There was also a motivational element to O'Neill's strategy. The focus on workplace safety supplied an emotive impetus which enthused and accelerated otherwise dry but necessary operational reforms. After implementing a series of new safety provisions, O'Neill told his teams "We shouldn't celebrate because we've followed rules or brought down a number. We should celebrate because we are saving lives."⁵ This sense of purpose (combined with better information flow), breathed fresh vigour into the business. It also galvanised trust and cooperation in an environment which had previously been described as "rife with management-labour hostility"⁶.
By deepening engagement with employees, the new safety measures catalysed more fluid cooperation on reform efforts generally. This allowed O'Neill to target a wider array of non-financial indicators beyond workplace safety. Over time, Alcoa management was able to successfully uncover and resolve issues of waste and inefficiency which had lain unaddressed for decades. The aggregate effect of these reforms supported the remarkable turnaround in Alcoa's commercial success.
ESG... before the label
How does all of this relate to ESG? ESG did not exist as an acronym in the 1980s and 90s - however the underlying contribution of environmental, social and governance factors to company performance held as much veracity then as it does today. The Alcoa case study is useful because it exemplifies how social factors (in this instance a robust approach to workplace safety) can dramatically enhance commercial outcomes in ways which are not necessarily intuitive or obvious at first glance. Alcoa provides an illustration of the concrete mechanics which drive the much lauded correlation between ESG criteria and financial performance.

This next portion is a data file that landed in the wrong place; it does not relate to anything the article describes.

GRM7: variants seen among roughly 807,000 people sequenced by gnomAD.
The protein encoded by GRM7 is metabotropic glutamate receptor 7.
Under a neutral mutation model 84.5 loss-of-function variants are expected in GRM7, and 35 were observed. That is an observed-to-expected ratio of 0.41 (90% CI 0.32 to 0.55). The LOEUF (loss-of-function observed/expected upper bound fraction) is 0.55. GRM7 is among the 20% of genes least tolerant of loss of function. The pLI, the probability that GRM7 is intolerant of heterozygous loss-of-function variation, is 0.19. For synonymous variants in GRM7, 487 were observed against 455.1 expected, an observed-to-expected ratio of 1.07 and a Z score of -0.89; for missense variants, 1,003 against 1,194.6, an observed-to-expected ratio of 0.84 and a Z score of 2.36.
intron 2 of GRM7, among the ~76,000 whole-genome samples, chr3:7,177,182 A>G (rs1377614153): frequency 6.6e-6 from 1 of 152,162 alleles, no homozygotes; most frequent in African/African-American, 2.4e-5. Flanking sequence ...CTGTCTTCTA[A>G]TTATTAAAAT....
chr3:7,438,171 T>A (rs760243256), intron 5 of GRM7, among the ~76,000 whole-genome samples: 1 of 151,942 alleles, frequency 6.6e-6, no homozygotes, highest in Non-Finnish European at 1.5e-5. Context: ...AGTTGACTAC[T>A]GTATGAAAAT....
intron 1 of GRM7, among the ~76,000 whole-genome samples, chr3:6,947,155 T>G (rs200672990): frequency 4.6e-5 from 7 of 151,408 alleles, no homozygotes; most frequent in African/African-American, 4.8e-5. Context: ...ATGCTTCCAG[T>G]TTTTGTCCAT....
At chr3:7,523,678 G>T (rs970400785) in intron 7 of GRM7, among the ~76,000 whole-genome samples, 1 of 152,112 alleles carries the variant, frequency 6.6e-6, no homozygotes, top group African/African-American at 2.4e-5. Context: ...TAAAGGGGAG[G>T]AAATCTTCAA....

Capital, conditions & context
Understanding the causal mechanics of ESG is critically important. Without this, CIOs lack the ability to look beneath the surface of published ESG ratings and evaluate their significance in a given context. The risk is that CIOs end up chasing surface-level correlations blind to the underlying conditions under which ESG inputs translate (or not) to real-world performance. It is clear for example, that workplace safety generated significant impact at Alcoa partly because of the high risk industrial setting (bauxite refineries), and partly because internal processes were so poor prior to O'Neill's arrival.
In a different context workplace safety, while still important for other reasons, may not have achieved results on the same scale. Capital allocation models should be especially attentive to the conditions and contexts in which ESG factors exert their effects. Certain business environments will be more sensitive to some ESG factors than others (E,S & G may weight differently), while the current status quo in a business will determine whether ESG drives appreciation or simply preserves value.
FOOTNOTES AND LINKS
¹ How O'neill Got Alcoa Shining - Michael Arndt - Bloomberg Business (5 February 2001) (https://www.bloomberg.com/news/articles/2001-02-05/how-oneill-got-alcoa-shining)
² How O'neill Got Alcoa Shining - Michael Arndt - Bloomberg Business (5 February 2001) (https://www.bloomberg.com/news/articles/2001-02-05/how-oneill-got-alcoa-shining)
³ Varley, P. and Moore, M. (1992) 'Vision and Strategy: Paul H. O'Neill at OMB and Alcoa', Harvard Kennedy School, pp. 12. (https://store.hbr.org/product/vision-and-strategy-paul-h-o-neill-at-omb-and-alcoa/KS1035)
⁴ Charles Duhigg (2013) The Power of Habit: Why We Do What We Do, and How to Change : Random House Books, p.117
⁵ Charles Duhigg (2013) The Power of Habit: Why We Do What We Do, and How to Change : Random House Books, p.117
⁶ Milton Moskowitz, Robert Levering, Michael Katz (1990) Everybody’s Business: A Field Guide to the 400 Leading Companies in America : Doubleday Currency, New York, p.517